Tuesday, August 6, 2013
Tanzanian ex-prisoners still stranded in Pakistan prisons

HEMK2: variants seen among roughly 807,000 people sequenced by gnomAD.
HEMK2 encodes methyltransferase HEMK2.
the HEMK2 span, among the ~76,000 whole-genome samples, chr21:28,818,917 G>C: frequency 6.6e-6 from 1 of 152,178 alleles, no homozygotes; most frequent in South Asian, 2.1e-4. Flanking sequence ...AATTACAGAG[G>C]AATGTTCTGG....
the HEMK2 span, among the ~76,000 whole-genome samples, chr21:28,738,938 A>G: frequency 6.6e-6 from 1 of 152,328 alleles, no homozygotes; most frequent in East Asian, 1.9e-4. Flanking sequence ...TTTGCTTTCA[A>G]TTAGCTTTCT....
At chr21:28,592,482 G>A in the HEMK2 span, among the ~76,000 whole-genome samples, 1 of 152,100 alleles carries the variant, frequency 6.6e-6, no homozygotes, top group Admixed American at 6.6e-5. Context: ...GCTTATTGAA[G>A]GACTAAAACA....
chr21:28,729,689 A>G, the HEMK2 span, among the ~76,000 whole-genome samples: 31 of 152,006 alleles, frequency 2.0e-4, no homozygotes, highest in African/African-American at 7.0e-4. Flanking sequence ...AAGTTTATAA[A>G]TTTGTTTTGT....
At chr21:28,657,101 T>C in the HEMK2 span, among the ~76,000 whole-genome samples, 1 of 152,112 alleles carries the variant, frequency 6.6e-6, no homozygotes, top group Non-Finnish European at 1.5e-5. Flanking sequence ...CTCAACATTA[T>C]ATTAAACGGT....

A senior Immigration officer in the country has said that, Tanzania government will aught to look for the possibility and if possible incur extra expense in order to repatriate its 35 citizens who have got stranded in two different prisons in Pakistan. It has been learn. The 35 people who were jailed in Pakistan and have finished their jail sentences but are still in custody waiting for repatriation, are subjected in torture in these prisons namely Lahore and Rawalpindi following refusal of the Pakistan government to deport them in the country. According to the officer, it’s the responsibility of the Pakistan’s government to repatriate them back home as in accordance to the common practice of the International laws which requires them to do so as the victims had committed mistakes within their country. Speaking in an exclusive interview on Wednesday this week at the Immigration Headquarter office in Dar es Salaam, Rashid Mageta of the Border Management and Control division said that since most relatives are faced with financial problems, the matter will entirely be left upon the government to help its people. He noted that, despite of hardships the government is working closely with some few relatives to process their travelling documentations and other arrangements which is being done in collaboration with the Pakistan Embassy. However, he noted that, in view of this, the government will use other possible ways and means in order to take them back home incase their relatives would fail to accomplish the task. The Ministry of Home Affairs in June this year asked relatives to identify their relatives ready for deportation but have experienced various hardships. Drug trafficking and illegal migrations are the two topmost crimes that the Tanzanians were jailed for. He also noted that, among the 35 Tanzanians only one person whom he named as Rashid Sambatoro a resident of Dar es Salaam region serves life imprisonment and was convicted after he was found guilty in possession of 14 kilograms of heroin. Others are Usman Mdoe (Tanga), Alamgiri Akbar (Dar es Salaam), Ashraf Zakhy (Tanga), Omary Suleiman (Ruvu), Hemed Himji (Dar es Salaam), Abubakar (Tanga), Mwinyi Mwinyigoha (Coast), Abdullah Rayngul (Lindi), Mbwana Mohammed Eka (Zanzibar), Mohammed Abdul (Tanga), Athumani Singano (Tanga), Jamal Jaffar (Dar es Salaam), Furahisha Seif (Dar es Salaam), Mohammed Mohammed (Tanga), Frank Kimweri (Dar es Salaam), Abubakar Ali (Zanzabar), Issa Twaha (Mwanza), Ali Kipuya (Dar es Salaam), Saidi Mohammed (Dar es Salaam), Rajab Simbaulaya (Dar es Salaam), Shafiq (Tanga), Rajabu Mlasagala (Dar es Salaam), Uluka Malipula (Morogoro), Juma Chonanga (Dar es Salaam), Hamisi Mangasha (Tanga), Seif Suleiman Seif (Zanzibar), Mohammed Juma (Pemba), Mansoor Kasamba (Dar es Salaam), Hassan Mohammed (Dar es Salaam), Ally Said (Tanga), Shaban Musa (Dar es Salaam), Bonane Dilunga (Dar es Salaam), Said Madelelia (Dar es Salaam), Mohamed Bushiri (Dar es Salaam) and Rashid Sambatoro (Dar es Salaam). According to him, most prisoners are mainly from Dar es Salaam, Zanzibar and Tanga. Juma Chonanga from Dar es Salaam is the eldest in the list. He travelled to Pakistan in 1991 and lived illegally until he was arrested in 2011 for drug trafficking. Others he noted left the country since 1982 by stowing away to various countries such as in Europe and elsewhere and involved in illegal drug business and finally arrested in Pakistan. Such people had difficulties to identify them as most of them had changed their names while in Diaspora.